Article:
After the global spread of the SARS-CoV-2 Omicron BA.2, some BA.2 subvariants, including BA.2.9.1, BA.2.11, BA.2.12.1, BA.4, and BA.5, emerged in multiple countries. Our statistical analysis showed that the effective reproduction numbers of these BA.2 subvariants are greater than that of the original BA.2. Neutralization experiments revealed that the immunity induced by BA.1/2 infections is less effective against BA.4/5. Cell culture experiments showed that BA.2.12.1 and BA.4/5 replicate more efficiently in human alveolar epithelial cells than BA.2, and particularly, BA.4/5 is more fusogenic than BA.2. We further provided the structure of the BA.4/5 spike receptor-binding domain that binds to human ACE2 and considered how the substitutions in the BA.4/5 spike play roles in ACE2 binding and immune evasion. Moreover, experiments using hamsters suggested that BA.4/5 is more pathogenic than BA.2. Our multiscale investigations suggest that the risk of BA.2 subvariants, particularly BA.4/5, to global health is greater than that of original BA.2.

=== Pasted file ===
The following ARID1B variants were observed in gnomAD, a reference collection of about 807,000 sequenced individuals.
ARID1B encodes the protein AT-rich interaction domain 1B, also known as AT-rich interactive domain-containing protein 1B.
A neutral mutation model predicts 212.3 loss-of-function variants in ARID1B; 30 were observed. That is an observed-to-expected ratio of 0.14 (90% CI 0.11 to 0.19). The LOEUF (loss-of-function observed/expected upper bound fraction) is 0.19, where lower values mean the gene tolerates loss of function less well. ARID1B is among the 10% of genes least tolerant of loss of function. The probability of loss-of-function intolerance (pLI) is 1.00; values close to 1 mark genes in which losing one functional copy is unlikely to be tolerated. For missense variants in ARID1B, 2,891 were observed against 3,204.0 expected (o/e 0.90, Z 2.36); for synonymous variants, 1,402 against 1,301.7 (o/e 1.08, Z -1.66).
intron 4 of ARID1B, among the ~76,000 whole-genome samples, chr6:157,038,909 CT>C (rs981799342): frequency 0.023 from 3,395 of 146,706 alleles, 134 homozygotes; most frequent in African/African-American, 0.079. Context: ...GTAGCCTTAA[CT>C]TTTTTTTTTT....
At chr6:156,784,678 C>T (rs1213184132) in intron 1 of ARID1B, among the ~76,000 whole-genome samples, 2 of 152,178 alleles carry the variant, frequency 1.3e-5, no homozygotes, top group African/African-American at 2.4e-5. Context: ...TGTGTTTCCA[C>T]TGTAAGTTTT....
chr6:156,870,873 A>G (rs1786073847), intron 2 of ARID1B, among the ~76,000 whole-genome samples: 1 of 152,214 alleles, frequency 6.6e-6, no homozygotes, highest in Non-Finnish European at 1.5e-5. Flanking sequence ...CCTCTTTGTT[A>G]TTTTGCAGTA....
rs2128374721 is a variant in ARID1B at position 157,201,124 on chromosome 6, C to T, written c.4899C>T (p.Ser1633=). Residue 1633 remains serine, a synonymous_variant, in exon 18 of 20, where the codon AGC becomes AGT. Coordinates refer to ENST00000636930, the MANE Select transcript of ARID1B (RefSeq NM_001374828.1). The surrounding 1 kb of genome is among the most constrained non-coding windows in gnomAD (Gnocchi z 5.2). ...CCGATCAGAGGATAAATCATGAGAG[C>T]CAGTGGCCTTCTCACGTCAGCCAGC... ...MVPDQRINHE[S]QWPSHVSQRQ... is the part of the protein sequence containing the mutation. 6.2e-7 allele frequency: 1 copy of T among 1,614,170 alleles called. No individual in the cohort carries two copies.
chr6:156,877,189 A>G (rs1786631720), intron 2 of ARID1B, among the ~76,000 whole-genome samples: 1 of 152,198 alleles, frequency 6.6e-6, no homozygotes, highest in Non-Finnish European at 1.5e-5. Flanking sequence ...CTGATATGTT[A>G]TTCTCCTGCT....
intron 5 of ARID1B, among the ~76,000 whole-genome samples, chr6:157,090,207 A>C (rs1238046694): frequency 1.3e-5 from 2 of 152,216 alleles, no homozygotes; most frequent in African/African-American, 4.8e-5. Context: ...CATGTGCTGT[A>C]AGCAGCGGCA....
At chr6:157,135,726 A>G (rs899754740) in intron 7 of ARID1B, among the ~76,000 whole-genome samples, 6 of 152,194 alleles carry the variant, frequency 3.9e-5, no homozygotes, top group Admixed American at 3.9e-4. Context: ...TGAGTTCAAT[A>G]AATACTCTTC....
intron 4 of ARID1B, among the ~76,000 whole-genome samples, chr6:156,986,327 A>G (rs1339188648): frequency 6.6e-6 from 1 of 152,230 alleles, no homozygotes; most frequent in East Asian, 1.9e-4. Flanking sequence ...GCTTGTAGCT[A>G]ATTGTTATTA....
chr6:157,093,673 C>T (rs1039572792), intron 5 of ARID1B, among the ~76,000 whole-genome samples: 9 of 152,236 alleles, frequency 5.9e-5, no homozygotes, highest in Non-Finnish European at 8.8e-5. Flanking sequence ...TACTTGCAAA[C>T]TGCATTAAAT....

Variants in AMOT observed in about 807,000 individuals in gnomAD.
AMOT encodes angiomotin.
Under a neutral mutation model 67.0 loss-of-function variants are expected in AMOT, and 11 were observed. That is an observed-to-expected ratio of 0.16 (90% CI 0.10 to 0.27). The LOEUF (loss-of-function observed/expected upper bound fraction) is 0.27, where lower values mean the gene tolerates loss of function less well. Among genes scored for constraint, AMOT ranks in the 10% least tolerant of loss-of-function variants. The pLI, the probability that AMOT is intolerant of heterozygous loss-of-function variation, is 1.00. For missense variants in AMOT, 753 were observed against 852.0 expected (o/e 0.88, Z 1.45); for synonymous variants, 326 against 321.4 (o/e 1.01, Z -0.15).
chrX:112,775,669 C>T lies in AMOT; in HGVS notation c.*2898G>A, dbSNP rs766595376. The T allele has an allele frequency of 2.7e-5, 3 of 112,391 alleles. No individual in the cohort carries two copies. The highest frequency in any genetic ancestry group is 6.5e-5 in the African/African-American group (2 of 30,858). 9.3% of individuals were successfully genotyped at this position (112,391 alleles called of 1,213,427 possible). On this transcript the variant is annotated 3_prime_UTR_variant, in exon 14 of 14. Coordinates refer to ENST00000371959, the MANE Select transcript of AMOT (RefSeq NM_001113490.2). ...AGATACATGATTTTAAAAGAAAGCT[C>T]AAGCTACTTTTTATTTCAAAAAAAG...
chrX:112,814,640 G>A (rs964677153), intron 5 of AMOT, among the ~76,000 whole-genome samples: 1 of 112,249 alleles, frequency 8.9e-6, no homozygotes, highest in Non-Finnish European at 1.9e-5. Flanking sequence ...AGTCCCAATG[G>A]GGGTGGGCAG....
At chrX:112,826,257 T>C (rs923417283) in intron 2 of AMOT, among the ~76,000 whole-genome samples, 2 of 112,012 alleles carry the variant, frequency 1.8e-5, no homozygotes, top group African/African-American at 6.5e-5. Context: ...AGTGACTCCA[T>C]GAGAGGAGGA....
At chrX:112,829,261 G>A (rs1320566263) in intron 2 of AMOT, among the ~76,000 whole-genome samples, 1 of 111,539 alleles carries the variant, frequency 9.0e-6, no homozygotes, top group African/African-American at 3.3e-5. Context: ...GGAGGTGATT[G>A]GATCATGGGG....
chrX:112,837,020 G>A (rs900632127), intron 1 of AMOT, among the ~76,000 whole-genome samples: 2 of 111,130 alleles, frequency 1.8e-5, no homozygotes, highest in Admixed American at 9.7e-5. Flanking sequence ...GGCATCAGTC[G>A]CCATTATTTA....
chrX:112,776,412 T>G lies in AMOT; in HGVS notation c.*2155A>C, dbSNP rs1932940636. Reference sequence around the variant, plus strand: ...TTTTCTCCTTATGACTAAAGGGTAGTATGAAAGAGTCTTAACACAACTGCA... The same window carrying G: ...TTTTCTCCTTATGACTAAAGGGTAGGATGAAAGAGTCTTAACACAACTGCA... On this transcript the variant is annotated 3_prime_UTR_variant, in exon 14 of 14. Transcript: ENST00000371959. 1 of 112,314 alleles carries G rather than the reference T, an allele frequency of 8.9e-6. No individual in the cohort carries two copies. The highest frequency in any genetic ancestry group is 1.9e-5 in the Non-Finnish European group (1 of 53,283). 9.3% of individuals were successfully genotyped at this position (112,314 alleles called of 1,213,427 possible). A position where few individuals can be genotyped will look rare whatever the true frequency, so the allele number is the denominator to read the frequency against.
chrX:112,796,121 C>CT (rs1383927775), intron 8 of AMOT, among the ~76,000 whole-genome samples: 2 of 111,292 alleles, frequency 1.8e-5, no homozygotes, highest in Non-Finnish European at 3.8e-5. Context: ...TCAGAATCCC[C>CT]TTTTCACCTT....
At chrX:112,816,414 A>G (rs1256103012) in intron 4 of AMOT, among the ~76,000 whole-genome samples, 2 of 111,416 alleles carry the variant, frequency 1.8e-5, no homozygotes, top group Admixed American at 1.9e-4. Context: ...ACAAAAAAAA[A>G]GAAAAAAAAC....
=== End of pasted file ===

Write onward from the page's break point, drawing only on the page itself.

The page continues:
Keywords: BA.2; BA.2.12.1; BA.4; BA.5; COVID-19; Omicron; SARS-CoV-2; immune resistance; pathogenicity; transmissibility.
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